In consequence, transitional measures in Australia to deal with the continued restructuring at Lloyd's will be required and proposed paragraph 74(1)(b) will give the Insurance and Superannuation Commissioner the authority to act to meet any contingencies. Proposed paragraph 74(1)(b) provides that if as a result of an enactment of an Act of the United Kingdom, a substantial change is made in the constitution, powers, rights or obligations of Lloyd's or of Lloyd's underwriters, the Commissioner may, with the Treasurer's agreement, by written notice give either or both of the following directions:

  • that Lloyd's underwriters must not issue policies or undertake liability under insurance contracts; and
  • that Lloyd's underwriters must not renew policies.

Any changes in the UK law relating to Lloyd's may only effect the transition from self-regulation to external regulation and therefore enhance the existing supervisory arrangements which will be to the ultimate benefit of all policyholders of Lloyd's underwriters. Therefore, the need to for the Commissioner to have recourse to the drastic provisions of proposed paragraph 74(1)(b) may not arise. Nevertheless, these and other measures in the Bill for the protection of Australian policyholders discussed under the Main Provisions may meet the needs of the period when Lloyd's transforms itself to the status of other major players in the international insurance market.

Endnotes

  1. Insurance and Superannuation Commission - Annual Report 1996-97, 36.
  2. The Auditor-General Audit Report No. 31 197-98, Audit of the Aggregate Financial Statement prepared by the Minister for Finance and Administration - Year ended 30 June 1997, 18.
  3. Insurance and Superannuation Commission - Annual Report 1996-97, 37 and 38.
  4. ibid., 37.
  5. Explanatory Memorandum to the Insurance Laws Amendment Bill 1997; paragraph 142, 36.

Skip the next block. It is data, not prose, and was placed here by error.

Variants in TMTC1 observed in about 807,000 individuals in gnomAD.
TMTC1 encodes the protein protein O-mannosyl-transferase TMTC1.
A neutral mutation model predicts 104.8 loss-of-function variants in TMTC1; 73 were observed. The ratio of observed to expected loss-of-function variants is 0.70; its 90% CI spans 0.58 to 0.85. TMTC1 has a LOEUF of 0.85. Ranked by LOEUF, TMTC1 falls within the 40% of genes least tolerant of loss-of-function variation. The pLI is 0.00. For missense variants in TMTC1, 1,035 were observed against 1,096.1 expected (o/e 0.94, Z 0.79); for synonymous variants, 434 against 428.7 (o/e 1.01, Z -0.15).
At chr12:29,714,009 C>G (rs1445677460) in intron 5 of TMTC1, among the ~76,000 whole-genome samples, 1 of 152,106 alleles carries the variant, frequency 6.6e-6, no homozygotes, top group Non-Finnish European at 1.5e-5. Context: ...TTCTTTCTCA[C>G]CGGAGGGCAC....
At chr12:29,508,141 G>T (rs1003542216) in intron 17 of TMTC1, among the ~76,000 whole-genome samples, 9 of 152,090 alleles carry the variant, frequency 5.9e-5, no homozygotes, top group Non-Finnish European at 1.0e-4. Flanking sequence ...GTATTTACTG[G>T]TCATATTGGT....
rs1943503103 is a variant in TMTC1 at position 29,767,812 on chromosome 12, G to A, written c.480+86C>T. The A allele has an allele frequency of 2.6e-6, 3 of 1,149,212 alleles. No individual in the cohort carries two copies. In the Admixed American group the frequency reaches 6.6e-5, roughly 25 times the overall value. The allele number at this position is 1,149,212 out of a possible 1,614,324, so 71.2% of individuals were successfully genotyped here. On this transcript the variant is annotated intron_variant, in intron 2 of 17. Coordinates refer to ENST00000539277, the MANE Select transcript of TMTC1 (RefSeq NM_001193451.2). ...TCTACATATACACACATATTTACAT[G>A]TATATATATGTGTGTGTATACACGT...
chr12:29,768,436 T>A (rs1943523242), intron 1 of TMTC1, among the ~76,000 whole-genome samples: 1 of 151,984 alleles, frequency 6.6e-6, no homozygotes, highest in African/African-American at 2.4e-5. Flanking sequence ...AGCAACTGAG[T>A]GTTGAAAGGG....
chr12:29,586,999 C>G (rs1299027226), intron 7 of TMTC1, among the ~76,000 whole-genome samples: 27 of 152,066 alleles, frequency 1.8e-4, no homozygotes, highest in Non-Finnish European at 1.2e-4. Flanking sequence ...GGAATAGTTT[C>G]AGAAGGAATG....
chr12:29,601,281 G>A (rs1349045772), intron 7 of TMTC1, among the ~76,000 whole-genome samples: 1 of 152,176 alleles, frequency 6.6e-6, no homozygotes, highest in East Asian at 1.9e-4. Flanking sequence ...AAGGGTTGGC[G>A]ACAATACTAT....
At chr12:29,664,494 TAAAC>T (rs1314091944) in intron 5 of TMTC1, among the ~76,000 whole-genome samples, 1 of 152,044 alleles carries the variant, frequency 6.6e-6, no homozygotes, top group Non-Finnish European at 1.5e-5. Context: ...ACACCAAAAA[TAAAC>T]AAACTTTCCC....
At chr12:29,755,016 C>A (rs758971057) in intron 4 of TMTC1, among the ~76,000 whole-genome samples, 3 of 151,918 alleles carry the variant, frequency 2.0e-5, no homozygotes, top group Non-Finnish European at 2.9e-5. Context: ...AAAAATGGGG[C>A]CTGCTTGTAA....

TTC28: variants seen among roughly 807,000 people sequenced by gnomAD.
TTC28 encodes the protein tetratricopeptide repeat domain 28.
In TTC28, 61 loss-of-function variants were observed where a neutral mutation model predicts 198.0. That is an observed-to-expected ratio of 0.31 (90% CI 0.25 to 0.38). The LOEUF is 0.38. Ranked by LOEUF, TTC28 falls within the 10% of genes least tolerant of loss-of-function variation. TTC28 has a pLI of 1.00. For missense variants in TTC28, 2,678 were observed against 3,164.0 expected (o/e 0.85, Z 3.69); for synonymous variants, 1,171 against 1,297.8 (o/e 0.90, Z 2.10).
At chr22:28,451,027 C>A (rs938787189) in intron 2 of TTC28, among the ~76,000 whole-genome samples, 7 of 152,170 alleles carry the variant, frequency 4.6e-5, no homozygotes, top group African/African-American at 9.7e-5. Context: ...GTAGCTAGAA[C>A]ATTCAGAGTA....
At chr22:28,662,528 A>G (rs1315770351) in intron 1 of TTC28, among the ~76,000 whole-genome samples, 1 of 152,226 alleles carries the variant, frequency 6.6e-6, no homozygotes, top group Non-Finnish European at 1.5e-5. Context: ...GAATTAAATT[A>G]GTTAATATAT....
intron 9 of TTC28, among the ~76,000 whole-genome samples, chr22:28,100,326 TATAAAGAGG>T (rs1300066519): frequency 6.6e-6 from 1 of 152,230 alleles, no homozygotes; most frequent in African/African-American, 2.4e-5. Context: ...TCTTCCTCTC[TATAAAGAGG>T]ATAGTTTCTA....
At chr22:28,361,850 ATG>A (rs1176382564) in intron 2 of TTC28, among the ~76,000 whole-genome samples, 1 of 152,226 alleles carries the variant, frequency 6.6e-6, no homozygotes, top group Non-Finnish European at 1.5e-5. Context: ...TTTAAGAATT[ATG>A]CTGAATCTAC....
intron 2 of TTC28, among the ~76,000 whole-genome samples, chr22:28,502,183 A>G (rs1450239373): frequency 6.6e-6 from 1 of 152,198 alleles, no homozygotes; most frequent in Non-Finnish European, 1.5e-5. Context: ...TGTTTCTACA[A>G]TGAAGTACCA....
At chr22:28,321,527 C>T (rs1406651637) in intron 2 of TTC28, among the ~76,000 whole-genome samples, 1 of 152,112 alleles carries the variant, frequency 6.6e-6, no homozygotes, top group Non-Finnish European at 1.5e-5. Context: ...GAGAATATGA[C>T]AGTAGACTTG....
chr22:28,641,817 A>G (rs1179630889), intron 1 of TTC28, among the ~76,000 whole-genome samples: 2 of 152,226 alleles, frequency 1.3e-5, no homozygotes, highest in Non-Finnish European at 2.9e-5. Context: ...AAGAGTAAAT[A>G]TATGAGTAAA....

6. Convention on the Law Applicable to Trusts and on their Recognition (The Hague, 1 July 1985); Australian Treaty Series 1992 No. 2; The Convention entered into force for Australia and generally on 1 January 1992.
  7. Explanatory Memorandum to the Bill; paragraph 145, 37.
  8. Financial Services Regulation: Self-Regulation at Lloyd's of London; Treasury and Civil Service Committee; Fifth Report Session 1994-95 (17 May 1995); Volume 1; paragraph 69., xxvii.
  9. ibid., paragraph 70, xxviii
  10. ibid., paragraph 76, xxix.
  11. ibid., paragraph 79, xxix.
  12. Financial Services Regulation: Self-Regulation at Lloyd's of London; Treasury and Civil Service Committee; Fifth Special Report: Session 1994-95 (19July 1995); paragraph 1.25, x.
  13. ibid., 2-6

Contact Officer and Copyright Details

Bernard Pulle
2 March 1998
Bills Digest Service
Information and Research Services

This paper has been prepared for general distribution to Senators and Members of the Australian Parliament. While great care is taken to ensure that the paper is accurate and balanced, the paper is written using information publicly available at the time of production. The views expressed are those of the author and should not be attributed to the Information and Research Services (IRS). Advice on legislation or legal policy issues contained in this paper is provided for use in parliamentary debate and for related parliamentary purposes. This paper is not professional legal opinion. Readers are reminded that the paper is not an official parliamentary or Australian government document.

IRS staff are available to discuss the paper's contents with Senators and Members
and their staff but not with members of the public.

ISSN 1328-8091
© Commonwealth of Australia 1997

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Published by the Department of the Parliamentary Library, 1997.